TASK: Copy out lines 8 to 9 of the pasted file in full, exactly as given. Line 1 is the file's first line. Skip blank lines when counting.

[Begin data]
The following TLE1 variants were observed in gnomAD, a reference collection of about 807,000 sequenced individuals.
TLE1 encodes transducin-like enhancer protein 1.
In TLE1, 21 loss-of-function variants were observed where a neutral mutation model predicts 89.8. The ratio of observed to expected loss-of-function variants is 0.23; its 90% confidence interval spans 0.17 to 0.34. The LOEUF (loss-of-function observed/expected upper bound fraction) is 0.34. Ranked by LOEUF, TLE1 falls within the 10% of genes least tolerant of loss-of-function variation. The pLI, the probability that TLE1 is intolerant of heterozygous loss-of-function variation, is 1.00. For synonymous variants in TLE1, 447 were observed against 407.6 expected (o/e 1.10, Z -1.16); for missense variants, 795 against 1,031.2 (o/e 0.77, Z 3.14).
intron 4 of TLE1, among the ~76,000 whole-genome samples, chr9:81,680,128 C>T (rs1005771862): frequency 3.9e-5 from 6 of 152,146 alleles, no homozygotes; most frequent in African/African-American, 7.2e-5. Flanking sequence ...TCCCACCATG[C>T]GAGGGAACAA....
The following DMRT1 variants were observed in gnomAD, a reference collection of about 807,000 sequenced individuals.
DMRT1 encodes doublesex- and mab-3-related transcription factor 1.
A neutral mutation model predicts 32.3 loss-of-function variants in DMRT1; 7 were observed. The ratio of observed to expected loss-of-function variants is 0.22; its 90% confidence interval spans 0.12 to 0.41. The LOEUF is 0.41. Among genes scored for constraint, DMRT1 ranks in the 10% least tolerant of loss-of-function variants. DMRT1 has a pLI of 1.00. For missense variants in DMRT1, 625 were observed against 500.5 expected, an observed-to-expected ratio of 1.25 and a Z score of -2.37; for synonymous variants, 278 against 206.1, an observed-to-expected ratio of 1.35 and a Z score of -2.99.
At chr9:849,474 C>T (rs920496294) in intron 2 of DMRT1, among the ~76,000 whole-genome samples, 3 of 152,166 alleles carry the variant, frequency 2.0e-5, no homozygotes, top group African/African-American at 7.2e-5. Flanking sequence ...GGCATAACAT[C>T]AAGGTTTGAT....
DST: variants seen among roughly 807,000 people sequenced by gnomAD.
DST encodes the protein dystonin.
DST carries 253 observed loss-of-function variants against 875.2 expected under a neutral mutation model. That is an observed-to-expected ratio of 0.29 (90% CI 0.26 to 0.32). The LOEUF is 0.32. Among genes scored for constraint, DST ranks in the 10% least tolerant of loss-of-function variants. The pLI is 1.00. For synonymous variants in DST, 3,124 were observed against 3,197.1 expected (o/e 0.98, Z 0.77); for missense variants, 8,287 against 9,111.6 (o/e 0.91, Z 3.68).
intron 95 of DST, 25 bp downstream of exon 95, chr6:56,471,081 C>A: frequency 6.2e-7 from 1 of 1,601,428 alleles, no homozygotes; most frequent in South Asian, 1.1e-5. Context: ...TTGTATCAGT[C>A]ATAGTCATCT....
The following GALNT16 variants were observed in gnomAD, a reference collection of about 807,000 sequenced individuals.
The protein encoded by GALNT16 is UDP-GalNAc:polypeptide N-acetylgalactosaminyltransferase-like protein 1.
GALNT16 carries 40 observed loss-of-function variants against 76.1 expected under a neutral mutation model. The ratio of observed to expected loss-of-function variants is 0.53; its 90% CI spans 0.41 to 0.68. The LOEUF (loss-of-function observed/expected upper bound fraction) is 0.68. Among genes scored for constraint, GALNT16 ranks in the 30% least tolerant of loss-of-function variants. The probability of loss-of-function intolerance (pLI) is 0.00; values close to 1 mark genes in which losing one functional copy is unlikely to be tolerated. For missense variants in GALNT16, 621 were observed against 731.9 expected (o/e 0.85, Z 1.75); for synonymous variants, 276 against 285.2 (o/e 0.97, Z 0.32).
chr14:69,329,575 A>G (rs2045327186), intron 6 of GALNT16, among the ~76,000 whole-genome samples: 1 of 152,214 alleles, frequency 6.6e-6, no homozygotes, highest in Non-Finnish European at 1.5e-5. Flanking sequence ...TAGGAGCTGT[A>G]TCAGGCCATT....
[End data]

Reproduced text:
At chr9:849,474 C>T (rs920496294) in intron 2 of DMRT1, among the ~76,000 whole-genome samples, 3 of 152,166 alleles carry the variant, frequency 2.0e-5, no homozygotes, top group African/African-American at 7.2e-5. Flanking sequence ...GGCATAACAT[C>T]AAGGTTTGAT....
DST: variants seen among roughly 807,000 people sequenced by gnomAD.